Republican Mitt Romney has drawn even with President Barack Obama among registered voters (the two tied at 46 percent) and has gained a four percentage-point edge among likely voters.
Romney had trailed Obama by nine points among registered voters in Pew’s poll in September and trailed by eight points among likely voters last month.
Like a river, a debate ran through the numbers.
The latest national survey by the Pew Research Center for the People & the Press was conducted Oct. 4-7 — the four days following the first of the season’s presidential debates in Denver. They survey of 1,201 registered voters and1,112 likely voters found that, by a three to one margin, most said Romney did better than Obama in the debate.
Following the debate, Romney’s personal image has improve. Pew reports that his favorable rating reached 50 percent among registered voters for the first time in the organization’s surveys and has risen five points since September. At the same time, Obama’s personal favorability rating has fallen from 55 to 49 percent in Pew’s polls.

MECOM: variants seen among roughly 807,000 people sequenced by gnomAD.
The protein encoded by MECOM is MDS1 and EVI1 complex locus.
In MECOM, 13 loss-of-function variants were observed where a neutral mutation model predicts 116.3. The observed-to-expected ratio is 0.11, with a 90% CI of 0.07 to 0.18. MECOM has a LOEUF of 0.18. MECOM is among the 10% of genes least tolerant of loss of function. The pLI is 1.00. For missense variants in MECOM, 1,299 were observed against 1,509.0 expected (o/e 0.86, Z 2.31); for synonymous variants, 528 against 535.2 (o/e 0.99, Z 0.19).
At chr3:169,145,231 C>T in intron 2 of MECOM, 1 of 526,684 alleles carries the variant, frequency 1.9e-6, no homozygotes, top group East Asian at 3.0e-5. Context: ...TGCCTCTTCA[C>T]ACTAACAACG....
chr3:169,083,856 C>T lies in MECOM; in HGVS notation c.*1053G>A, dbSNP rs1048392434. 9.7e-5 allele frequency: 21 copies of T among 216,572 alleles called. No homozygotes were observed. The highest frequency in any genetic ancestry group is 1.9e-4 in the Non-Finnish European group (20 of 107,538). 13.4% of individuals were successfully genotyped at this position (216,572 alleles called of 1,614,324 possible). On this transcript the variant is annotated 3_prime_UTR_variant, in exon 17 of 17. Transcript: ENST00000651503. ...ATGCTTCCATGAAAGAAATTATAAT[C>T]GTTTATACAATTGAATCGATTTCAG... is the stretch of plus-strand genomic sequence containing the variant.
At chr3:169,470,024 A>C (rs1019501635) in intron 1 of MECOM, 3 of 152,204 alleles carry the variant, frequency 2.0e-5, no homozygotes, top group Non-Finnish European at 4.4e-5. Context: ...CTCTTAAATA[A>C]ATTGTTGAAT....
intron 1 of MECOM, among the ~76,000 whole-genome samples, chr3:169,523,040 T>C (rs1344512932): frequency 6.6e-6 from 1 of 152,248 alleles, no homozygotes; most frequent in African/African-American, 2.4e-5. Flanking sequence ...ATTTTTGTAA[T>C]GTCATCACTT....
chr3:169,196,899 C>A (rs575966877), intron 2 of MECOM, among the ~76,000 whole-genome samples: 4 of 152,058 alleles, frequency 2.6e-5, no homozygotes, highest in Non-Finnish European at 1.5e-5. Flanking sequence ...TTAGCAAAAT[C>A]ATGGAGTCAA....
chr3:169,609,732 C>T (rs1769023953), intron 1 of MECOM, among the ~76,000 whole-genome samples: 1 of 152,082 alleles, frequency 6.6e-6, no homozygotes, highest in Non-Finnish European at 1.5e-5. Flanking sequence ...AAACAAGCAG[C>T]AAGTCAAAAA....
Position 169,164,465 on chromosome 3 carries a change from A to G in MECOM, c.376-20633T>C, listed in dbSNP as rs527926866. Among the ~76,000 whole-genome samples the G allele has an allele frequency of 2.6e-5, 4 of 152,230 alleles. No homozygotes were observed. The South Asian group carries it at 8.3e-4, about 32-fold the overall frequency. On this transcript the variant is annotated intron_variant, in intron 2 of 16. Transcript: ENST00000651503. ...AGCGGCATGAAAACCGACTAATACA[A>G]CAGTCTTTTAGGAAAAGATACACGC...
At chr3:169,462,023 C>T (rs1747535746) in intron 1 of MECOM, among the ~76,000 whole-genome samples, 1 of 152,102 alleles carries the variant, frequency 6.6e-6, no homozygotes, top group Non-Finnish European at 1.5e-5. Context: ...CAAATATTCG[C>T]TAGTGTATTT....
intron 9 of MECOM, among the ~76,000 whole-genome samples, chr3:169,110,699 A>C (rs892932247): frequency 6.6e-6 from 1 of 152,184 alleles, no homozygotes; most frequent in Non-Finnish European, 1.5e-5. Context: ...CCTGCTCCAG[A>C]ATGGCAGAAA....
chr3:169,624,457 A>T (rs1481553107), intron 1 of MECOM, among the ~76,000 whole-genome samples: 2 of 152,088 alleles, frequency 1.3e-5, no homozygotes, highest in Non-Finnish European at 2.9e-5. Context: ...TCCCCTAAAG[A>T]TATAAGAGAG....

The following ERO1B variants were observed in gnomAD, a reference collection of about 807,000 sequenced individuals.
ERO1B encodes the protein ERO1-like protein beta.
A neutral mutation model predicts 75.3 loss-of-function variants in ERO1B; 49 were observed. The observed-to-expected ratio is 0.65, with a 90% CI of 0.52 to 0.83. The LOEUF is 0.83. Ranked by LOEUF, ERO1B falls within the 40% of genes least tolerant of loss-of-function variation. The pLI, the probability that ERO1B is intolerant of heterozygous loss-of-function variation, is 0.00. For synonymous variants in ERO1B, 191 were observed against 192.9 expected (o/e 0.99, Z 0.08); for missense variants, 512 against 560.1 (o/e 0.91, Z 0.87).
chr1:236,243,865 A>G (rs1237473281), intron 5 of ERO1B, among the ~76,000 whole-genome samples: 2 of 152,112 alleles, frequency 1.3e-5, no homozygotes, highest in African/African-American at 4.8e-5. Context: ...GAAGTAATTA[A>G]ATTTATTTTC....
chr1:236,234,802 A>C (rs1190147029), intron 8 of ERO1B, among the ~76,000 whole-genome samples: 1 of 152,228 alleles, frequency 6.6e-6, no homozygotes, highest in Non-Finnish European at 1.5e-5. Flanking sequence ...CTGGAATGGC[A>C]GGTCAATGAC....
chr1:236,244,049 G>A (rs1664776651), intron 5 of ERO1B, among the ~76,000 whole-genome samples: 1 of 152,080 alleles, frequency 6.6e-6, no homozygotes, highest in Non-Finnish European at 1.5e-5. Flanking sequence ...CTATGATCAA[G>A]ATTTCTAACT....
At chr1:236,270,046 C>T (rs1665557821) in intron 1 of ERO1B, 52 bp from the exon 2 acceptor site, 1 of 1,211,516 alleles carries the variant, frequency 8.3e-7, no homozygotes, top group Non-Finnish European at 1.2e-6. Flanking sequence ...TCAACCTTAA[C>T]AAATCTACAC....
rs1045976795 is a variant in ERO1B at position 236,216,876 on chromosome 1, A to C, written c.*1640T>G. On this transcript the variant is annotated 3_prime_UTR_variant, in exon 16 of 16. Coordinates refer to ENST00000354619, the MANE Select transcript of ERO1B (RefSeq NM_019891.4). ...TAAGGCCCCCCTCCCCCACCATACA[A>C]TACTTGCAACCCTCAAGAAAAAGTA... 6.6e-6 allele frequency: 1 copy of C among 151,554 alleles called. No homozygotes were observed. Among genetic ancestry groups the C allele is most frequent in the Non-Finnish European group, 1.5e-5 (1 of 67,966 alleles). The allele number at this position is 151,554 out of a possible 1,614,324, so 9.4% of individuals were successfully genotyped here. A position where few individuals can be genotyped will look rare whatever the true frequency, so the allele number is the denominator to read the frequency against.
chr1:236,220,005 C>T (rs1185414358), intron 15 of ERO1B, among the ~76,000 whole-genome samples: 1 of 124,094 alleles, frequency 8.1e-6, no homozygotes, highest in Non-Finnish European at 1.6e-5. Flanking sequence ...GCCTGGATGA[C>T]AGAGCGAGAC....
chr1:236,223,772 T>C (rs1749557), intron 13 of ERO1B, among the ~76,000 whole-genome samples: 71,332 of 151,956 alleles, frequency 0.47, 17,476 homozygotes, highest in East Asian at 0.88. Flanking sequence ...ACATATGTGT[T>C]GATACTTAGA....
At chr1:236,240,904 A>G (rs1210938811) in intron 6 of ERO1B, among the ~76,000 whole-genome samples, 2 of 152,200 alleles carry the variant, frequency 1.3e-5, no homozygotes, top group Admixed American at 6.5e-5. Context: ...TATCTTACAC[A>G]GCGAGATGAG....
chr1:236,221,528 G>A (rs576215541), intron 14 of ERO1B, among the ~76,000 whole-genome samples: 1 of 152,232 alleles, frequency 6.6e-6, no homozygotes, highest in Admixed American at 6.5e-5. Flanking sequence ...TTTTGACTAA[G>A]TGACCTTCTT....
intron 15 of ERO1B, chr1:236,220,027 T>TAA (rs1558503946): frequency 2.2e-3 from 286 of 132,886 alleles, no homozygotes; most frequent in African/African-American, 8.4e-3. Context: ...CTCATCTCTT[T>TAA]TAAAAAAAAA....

Romney has made sizable gains over the past month among women voters, white non-Hispanics and those younger than 50. Currently, women are evenly divided (47 percent for Obama, 47 percent for Romney). Last month, Obama led Romney by 18 points (56 percent to 38 percent) among women likely voters.
The survey of likely voters has a 3.4 percentage point possible margin of error.